Deakin Business School financial planning experts Gurbinder Gill and Marc Olynyk offer their top seven tips for maximising your superannuation at tax time.
As the end of the 2022/23 financial year fast approaches, Deakin University experienced financial planners Gurbinder Gill and Marc Olynyk have shared their ‘Magnificent Seven’ tips for optimising your super.
“These tips are all important things I talk about with my clients come tax time, and it’s very important super fund members get their own personal financial advice to decide which options will work best for them and in what combination,” Mr Gill said.
“Superannuation represents the funds you will live off once you retire and the amount you accumulate will represent the difference between a comfortable lifestyle and much more modest existence which will only allow for the basics. Managing your superannuation is therefore important and there are several easy things that we can all do to better manage and grow our super balances,” Mr Olynyk explained.
Super fund members are allowed to make an annual contribution up to $27,500 in concessional (before-tax) super contributions for the 2022/23 financial year. Check with your super fund and if you haven’t reached the limit, you could make a contribution before the end of the financial year. This allows you to claim a valuable tax deduction and reduce your tax payable. But remember, these contributions are subject to a 15% tax rate when received by the super fund.
Members are also allowed to make up to $110,000 in voluntary non-concessional (after-tax) contributions to their super account for the 2022/23 financial year. While these contributions do not provide a tax-deduction, they are very useful for boosting your accumulated superannuation balance in a tax effective way, because earnings from a super fund are only taxed at a maximum rate of 15%.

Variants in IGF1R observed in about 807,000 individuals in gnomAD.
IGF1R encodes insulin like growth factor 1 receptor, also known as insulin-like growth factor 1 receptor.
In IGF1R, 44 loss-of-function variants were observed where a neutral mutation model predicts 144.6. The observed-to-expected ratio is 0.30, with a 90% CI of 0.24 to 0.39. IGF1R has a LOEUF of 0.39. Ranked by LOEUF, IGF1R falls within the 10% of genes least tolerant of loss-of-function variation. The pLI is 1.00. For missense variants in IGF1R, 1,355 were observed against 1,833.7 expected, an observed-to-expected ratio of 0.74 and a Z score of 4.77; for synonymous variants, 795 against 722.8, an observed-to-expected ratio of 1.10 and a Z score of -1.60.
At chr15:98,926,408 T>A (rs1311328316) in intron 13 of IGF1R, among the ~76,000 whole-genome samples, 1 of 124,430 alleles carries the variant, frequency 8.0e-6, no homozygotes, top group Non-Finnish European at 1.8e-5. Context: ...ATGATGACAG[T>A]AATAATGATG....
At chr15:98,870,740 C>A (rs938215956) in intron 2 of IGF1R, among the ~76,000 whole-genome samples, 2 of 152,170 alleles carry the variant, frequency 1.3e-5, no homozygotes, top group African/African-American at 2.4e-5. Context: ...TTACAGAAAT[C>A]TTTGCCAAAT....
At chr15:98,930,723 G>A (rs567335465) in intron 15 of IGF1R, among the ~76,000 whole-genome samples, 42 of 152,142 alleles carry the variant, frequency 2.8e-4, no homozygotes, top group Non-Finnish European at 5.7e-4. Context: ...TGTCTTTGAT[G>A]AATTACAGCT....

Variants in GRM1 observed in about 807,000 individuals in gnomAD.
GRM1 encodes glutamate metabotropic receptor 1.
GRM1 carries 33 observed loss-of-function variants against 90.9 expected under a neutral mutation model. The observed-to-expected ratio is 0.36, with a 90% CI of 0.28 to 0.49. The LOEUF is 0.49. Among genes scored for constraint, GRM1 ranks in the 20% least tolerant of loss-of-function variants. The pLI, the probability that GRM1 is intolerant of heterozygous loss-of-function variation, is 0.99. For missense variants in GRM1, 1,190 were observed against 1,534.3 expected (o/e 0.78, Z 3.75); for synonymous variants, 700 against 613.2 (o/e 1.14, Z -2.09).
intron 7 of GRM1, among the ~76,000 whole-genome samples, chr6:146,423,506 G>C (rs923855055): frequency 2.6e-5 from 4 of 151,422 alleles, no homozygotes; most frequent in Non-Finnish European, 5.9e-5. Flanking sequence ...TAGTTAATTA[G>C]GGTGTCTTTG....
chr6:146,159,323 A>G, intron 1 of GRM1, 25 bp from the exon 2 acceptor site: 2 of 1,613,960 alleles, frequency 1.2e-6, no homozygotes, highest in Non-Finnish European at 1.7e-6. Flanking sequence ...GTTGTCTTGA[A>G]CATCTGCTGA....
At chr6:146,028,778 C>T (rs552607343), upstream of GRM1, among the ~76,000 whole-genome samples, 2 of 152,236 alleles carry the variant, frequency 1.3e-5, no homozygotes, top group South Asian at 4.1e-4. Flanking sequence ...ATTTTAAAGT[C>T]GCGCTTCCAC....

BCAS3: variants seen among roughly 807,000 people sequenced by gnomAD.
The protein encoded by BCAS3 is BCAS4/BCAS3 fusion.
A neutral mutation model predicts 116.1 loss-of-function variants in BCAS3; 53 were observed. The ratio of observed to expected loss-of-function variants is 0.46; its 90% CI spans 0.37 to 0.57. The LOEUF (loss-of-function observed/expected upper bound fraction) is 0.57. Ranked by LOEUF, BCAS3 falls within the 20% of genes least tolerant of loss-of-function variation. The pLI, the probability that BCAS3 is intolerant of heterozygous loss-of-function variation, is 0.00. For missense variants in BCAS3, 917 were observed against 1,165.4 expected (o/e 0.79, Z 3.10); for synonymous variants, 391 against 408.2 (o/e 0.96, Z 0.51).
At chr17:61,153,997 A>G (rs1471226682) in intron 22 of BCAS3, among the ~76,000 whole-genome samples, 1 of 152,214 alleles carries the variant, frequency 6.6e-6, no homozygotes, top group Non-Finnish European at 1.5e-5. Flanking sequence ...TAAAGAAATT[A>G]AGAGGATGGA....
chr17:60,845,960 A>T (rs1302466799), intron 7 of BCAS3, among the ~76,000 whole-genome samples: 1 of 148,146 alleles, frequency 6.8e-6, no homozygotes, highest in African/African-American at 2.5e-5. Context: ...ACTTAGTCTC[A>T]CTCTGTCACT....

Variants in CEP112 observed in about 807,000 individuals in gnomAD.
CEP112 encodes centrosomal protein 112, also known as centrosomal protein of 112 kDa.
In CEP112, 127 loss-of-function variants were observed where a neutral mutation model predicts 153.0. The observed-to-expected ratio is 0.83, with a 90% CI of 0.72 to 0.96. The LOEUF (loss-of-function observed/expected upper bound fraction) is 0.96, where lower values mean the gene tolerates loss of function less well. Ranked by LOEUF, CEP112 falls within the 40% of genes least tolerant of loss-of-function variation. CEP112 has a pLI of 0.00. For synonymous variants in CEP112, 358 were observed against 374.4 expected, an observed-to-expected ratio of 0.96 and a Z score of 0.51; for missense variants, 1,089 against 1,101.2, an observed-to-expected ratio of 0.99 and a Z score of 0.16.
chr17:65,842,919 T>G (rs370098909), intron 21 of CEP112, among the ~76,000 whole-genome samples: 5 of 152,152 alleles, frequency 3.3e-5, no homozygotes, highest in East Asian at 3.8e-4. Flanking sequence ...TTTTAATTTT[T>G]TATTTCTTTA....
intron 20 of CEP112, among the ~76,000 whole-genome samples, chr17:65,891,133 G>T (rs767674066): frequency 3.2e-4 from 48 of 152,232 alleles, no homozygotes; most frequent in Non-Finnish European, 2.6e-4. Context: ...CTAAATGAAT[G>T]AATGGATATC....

Members who haven’t used up their concessional contribution cap from previous years can carry these amounts forward for up to five years and claim them as a tax deduction. This would be useful if you are seeking to maximise your super balance and also have a large tax bill that you’re looking to reduce in the current financial year. The carry-forward provisions can be used as long as your super balance is less than $500,000.
It’s important that you check with your super fund to ensure that you have a valid and current binding death benefit nomination in place. This will ensure that your super death benefits are paid to your preferred beneficiaries upon your death rather than allowing the trustee of your super fund to decide who should receive these funds.
Members can make an after-tax super contribution into their spouse’s super fund during the 2022/23 financial year and potentially claim up to $540 as a valuable tax offset against their tax payable for the current financial year. You must contribute at least $3000 and your spouse must not earn more than $37,000 per annum. As well as providing you with a valuable tax offset, it will boost the superannuation balance of your spouse.
If you earn less than $57,016 for the current financial year and make at least a $1,000 non-concessional (after-tax) contribution to your super during the year, you may be eligible to receive a co-contribution of up to $500 from the government. This is a great way to boost your super balance and receive free money from the government.
Many Australians have personal insurance cover for life, total and permanent disability, and income protection within their superannuation funds. Members need to regularly check their insurance cover to ensure it continues to meet their needs and provides appropriate protection for themselves and their family. Taking out personal insurance cover through your super fund has several benefits including the cost of the premiums often being cheaper; it preserves cash flow; and there is usually no need for medical checks, up to certain amounts of insurance cover.